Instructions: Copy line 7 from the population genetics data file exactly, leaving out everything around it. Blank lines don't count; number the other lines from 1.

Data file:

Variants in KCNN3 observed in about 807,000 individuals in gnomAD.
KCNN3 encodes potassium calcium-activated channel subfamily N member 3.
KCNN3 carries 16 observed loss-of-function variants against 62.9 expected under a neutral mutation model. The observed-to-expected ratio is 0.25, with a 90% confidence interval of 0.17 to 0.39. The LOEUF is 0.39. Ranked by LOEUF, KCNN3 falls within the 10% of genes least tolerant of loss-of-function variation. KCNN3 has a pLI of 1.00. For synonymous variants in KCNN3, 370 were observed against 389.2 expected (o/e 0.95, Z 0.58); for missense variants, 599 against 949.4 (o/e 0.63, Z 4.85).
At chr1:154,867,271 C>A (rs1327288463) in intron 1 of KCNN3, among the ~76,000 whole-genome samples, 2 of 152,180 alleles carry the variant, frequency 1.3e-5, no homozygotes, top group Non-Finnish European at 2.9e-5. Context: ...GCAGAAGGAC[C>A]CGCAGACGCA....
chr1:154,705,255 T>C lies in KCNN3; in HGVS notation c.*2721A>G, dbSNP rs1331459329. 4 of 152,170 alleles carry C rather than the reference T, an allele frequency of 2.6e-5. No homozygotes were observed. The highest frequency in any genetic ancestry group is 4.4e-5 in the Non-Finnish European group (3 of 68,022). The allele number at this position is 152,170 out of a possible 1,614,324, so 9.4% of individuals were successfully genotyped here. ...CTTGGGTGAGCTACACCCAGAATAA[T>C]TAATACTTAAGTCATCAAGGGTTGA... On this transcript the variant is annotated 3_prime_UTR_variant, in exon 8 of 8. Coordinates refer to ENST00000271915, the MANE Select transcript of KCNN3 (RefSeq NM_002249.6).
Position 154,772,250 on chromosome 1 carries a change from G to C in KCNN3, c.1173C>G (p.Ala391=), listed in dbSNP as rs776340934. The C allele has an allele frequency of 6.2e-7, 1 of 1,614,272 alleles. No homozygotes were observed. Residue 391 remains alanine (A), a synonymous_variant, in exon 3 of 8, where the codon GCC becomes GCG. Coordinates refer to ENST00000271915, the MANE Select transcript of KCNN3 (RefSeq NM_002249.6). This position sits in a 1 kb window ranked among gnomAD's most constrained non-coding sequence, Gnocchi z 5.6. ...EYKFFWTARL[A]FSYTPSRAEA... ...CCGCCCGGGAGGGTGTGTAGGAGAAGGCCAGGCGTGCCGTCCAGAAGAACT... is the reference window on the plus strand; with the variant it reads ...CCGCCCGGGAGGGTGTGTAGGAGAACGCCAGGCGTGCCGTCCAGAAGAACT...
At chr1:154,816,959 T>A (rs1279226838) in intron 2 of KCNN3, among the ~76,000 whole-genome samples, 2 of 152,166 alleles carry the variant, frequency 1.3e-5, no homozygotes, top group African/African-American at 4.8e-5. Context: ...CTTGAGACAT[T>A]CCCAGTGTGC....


At chr1:154,816,959 T>A (rs1279226838) in intron 2 of KCNN3, among the ~76,000 whole-genome samples, 2 of 152,166 alleles carry the variant, frequency 1.3e-5, no homozygotes, top group African/African-American at 4.8e-5. Context: ...CTTGAGACAT[T>A]CCCAGTGTGC....